Essential Need Letter Was Not Incorporated by Reference   


The Court of Federal Claims correctly concluded a contract did not incorporate a side letter by reference, according to the Court of Appeals for the Federal Circuit, because the reference was not explicit and the incorporation was unclear. Before the government issued a software delivery order, a government employee signed a Letter of Essential Need, which stated the software was essential to the operation of, and integral to, a government computer system. The order incorporated the terms and conditions of a lease agreement, which stated the government "provided required information relative to the essential use of the software ... which includes ... a description of the currently identified applications to be supported and planned life-cycle operations" as inducement for the contractor entering into the lease. After testing, the government declined to renew the lease for the final renewal term because the software did not function as expected and was incompatible with the government's systems. The contractor claimed the non-renewal of the lease was a breach of contract, contending the letter was incorporated by reference into the parties' contract and that the government breached its warranty that the software was essential to the government's computer systems and was not acquired on a test or research and development basis. The CFC granted the government's motion for summary judgment, finding the parties' contract did not incorporate the letter by reference, as a matter of law, and even if the letter was part of the contract, the government agreed only that there was the potential for the software to work (51 CCF 78,801).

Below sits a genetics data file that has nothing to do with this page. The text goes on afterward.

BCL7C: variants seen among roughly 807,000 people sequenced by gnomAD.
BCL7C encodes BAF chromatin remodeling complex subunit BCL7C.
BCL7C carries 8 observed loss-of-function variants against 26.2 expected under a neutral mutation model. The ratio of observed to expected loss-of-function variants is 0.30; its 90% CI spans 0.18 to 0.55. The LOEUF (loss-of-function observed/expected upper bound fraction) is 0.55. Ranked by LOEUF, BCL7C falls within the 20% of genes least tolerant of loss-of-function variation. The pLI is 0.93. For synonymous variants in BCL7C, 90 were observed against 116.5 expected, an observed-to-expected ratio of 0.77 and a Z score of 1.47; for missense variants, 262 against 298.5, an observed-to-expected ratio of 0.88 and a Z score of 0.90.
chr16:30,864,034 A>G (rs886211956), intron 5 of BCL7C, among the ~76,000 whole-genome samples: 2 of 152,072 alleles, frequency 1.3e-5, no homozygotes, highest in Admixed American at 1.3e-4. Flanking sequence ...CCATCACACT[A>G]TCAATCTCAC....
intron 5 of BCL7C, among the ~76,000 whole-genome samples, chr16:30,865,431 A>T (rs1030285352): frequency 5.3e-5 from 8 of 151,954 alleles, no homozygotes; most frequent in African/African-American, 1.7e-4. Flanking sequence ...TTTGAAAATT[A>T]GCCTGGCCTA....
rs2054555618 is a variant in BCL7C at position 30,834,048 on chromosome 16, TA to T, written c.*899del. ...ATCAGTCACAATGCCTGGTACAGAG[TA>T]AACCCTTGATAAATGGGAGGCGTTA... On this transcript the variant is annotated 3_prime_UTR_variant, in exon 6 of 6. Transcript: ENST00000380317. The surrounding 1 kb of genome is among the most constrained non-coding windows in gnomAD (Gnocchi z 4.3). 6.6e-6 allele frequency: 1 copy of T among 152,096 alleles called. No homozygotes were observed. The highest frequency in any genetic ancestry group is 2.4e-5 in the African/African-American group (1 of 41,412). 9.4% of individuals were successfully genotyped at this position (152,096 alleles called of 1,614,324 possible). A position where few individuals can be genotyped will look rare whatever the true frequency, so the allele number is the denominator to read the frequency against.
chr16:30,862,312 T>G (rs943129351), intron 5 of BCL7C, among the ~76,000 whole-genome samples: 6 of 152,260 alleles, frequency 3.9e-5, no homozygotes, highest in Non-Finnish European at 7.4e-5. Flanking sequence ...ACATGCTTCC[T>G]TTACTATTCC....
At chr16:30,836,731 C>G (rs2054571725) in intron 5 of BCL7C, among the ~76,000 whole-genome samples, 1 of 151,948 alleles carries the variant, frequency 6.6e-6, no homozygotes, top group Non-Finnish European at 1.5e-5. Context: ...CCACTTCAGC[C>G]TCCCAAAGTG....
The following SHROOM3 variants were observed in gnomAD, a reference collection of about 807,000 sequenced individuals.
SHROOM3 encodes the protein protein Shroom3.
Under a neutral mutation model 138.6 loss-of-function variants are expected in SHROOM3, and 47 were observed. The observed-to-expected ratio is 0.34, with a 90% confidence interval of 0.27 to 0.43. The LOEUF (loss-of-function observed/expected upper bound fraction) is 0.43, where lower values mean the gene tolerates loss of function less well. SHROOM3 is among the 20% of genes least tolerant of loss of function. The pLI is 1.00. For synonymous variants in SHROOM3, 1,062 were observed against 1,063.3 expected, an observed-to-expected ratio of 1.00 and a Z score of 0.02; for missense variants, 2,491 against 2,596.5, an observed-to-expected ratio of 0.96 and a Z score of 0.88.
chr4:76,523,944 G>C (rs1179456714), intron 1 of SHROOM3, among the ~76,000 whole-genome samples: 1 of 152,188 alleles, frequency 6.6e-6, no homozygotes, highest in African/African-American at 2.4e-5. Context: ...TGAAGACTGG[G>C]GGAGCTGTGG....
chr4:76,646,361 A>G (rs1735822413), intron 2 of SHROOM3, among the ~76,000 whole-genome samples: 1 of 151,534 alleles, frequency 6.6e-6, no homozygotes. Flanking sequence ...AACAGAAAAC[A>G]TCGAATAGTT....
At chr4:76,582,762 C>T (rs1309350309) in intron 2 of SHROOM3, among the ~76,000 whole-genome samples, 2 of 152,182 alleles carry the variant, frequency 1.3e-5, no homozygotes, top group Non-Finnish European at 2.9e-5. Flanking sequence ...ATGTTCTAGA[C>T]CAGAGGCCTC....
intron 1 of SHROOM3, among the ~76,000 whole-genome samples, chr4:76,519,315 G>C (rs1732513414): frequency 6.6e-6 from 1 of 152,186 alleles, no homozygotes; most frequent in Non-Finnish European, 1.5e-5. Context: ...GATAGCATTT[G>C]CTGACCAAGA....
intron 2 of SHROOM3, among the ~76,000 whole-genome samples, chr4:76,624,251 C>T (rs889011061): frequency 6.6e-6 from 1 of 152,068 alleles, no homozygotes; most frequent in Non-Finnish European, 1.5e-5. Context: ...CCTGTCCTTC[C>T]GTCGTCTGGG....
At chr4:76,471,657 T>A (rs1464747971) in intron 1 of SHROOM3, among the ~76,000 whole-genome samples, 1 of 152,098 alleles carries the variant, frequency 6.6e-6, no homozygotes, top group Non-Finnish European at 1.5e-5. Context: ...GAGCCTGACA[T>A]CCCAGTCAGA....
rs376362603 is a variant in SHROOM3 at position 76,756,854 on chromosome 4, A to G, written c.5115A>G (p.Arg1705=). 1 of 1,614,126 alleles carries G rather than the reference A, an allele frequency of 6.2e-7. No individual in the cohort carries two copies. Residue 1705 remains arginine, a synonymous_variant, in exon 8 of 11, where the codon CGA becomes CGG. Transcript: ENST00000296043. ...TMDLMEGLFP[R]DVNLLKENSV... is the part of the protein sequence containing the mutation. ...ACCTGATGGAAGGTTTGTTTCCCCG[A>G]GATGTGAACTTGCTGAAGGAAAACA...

No Explicit Reference

The CFC's decision was affirmed. Noting its case law on incorporation by reference was "somewhat sparse," the Court of Appeals explained "the language used in a contract to incorporate extrinsic material by reference must explicitly, or at least precisely, identify the written material being incorporated and must clearly communicate that the purpose of the reference is to incorporate the referenced material into the contract." It was undisputed the delivery order effectively incorporated by reference the terms and conditions of the lease agreement. However, the terms and conditions did not refer to the letter "explicitly, as by title or date, or otherwise in any similarly clear, precise manner." Further, even if the reference was sufficiently explicit, the terms and conditions did not clearly incorporate the letter. Rather, the language stated only that the government provided the "required information" as inducement for the contractor entering into the lease. Given the lack of explicit language regarding the "required information," the parties could not have intended to incorporate this information by reference. Finally, the terms and conditions, which postdated the letter, contained an integration clause stating the terms and conditions constituted the entire agreement between the parties. (Northrop Grumman Information Technology, Inc. v. U.S., CA-FC, 52 CCF 78,976)

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